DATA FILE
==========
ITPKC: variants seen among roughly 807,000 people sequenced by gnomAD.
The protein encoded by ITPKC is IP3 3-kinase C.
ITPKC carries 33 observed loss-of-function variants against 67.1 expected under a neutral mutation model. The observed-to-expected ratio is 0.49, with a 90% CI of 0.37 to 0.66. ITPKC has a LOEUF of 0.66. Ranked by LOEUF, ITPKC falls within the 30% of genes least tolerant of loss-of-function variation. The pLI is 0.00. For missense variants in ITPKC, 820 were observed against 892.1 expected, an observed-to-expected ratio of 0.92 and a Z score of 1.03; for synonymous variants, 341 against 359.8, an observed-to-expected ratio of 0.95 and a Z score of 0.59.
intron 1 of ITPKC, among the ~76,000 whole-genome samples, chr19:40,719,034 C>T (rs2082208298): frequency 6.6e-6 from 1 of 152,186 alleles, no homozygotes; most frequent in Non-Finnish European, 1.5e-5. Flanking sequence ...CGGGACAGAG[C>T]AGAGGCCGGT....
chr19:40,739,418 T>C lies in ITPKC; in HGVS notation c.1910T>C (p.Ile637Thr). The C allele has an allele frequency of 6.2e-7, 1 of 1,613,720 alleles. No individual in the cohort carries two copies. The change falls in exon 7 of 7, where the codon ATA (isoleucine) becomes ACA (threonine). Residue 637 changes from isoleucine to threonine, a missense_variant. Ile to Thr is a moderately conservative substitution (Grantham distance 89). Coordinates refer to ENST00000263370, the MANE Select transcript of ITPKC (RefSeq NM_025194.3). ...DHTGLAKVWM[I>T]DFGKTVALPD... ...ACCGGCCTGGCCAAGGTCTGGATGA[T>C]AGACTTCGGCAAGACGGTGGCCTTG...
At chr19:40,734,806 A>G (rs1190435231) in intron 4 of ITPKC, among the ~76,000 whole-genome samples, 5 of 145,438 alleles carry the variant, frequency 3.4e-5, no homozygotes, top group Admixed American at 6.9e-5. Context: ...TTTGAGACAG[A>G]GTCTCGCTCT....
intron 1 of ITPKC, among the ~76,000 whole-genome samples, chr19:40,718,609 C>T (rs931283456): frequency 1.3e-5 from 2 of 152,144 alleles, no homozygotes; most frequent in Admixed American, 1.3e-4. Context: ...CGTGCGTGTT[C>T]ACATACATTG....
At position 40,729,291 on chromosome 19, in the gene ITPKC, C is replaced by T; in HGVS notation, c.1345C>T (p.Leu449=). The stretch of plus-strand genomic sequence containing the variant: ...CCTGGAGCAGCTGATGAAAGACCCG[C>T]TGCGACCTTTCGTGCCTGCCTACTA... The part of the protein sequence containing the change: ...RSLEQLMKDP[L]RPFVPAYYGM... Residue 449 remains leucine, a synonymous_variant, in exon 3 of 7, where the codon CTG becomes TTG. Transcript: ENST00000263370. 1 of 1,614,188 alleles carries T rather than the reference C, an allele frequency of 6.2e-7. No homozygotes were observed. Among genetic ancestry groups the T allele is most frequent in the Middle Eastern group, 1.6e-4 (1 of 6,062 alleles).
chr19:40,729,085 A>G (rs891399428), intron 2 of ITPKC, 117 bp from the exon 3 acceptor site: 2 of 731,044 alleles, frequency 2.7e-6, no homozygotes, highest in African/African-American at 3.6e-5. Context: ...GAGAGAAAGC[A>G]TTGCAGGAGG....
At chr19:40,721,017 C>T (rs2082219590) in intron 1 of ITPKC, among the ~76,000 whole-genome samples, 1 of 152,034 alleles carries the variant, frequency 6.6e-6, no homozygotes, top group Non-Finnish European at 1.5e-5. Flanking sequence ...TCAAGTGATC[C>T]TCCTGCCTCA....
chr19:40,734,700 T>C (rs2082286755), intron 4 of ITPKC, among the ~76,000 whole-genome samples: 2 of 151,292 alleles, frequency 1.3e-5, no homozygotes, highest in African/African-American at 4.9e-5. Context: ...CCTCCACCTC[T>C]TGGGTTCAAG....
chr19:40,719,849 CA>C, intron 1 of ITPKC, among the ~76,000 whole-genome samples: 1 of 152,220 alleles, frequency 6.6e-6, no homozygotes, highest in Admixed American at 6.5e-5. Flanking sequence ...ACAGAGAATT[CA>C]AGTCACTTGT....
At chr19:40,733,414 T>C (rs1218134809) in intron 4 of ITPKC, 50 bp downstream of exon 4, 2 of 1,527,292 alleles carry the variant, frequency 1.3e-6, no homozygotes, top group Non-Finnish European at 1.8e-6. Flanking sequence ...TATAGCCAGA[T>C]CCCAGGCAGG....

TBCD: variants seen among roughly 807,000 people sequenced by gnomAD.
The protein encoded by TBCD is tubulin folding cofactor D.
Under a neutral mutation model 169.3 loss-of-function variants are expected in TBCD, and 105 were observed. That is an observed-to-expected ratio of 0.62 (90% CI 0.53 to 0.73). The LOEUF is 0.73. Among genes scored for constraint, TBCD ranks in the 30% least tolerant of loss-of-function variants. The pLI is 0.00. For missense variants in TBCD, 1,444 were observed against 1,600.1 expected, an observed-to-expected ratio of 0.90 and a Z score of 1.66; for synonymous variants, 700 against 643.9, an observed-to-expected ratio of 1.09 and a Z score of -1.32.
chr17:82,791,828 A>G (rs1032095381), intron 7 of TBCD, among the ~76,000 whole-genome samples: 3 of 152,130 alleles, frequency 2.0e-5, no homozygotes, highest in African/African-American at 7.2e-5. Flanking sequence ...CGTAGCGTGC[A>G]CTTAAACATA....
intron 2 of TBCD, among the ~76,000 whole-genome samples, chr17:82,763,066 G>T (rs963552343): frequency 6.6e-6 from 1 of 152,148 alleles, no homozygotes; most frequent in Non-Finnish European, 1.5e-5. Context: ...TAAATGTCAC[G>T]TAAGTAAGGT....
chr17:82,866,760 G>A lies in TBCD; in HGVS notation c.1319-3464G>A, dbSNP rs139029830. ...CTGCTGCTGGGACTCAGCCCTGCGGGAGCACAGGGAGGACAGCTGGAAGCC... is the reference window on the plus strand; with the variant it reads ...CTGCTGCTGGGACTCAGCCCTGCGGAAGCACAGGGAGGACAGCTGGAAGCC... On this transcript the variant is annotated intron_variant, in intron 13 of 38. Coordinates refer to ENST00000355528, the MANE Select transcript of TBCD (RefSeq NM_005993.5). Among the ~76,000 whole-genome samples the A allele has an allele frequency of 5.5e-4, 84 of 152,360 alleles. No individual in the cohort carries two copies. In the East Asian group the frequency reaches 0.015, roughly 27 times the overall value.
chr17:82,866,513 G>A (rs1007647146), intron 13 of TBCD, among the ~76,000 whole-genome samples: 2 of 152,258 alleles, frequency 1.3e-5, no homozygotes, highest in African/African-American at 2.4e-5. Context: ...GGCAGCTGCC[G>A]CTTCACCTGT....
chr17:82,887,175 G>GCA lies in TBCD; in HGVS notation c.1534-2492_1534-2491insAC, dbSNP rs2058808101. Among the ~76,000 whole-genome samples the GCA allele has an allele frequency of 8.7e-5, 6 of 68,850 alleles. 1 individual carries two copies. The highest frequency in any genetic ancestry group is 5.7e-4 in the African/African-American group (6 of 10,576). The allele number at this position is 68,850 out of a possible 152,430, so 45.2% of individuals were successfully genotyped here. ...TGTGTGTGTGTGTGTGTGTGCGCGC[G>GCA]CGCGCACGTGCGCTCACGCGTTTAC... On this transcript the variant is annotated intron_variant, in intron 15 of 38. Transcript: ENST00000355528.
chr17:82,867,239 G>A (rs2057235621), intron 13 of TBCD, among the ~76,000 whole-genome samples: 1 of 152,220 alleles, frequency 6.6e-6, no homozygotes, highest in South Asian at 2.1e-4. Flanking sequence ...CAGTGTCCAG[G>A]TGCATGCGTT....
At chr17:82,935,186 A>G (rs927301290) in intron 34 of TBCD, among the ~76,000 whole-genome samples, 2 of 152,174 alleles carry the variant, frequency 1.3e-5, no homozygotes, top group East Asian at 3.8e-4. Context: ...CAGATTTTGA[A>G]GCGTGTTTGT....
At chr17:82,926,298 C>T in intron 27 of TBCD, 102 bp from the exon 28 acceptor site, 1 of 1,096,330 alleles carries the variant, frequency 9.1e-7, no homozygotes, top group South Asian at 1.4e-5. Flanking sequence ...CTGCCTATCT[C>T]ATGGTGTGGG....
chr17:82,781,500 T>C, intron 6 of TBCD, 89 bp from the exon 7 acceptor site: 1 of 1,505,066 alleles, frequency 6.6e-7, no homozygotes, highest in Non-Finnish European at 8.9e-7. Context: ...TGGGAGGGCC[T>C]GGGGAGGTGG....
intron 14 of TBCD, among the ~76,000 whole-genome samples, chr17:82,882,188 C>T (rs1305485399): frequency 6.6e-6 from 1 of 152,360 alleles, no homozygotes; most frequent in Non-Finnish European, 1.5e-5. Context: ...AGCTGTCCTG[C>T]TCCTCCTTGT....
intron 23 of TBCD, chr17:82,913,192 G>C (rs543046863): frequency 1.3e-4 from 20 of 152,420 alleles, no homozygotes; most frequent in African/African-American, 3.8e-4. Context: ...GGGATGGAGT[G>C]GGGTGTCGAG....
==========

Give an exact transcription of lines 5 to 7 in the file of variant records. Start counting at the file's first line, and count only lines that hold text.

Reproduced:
chr19:40,739,418 T>C lies in ITPKC; in HGVS notation c.1910T>C (p.Ile637Thr). The C allele has an allele frequency of 6.2e-7, 1 of 1,613,720 alleles. No individual in the cohort carries two copies. The change falls in exon 7 of 7, where the codon ATA (isoleucine) becomes ACA (threonine). Residue 637 changes from isoleucine to threonine, a missense_variant. Ile to Thr is a moderately conservative substitution (Grantham distance 89). Coordinates refer to ENST00000263370, the MANE Select transcript of ITPKC (RefSeq NM_025194.3). ...DHTGLAKVWM[I>T]DFGKTVALPD... ...ACCGGCCTGGCCAAGGTCTGGATGA[T>C]AGACTTCGGCAAGACGGTGGCCTTG...
At chr19:40,734,806 A>G (rs1190435231) in intron 4 of ITPKC, among the ~76,000 whole-genome samples, 5 of 145,438 alleles carry the variant, frequency 3.4e-5, no homozygotes, top group Admixed American at 6.9e-5. Context: ...TTTGAGACAG[A>G]GTCTCGCTCT....
intron 1 of ITPKC, among the ~76,000 whole-genome samples, chr19:40,718,609 C>T (rs931283456): frequency 1.3e-5 from 2 of 152,144 alleles, no homozygotes; most frequent in Admixed American, 1.3e-4. Context: ...CGTGCGTGTT[C>T]ACATACATTG....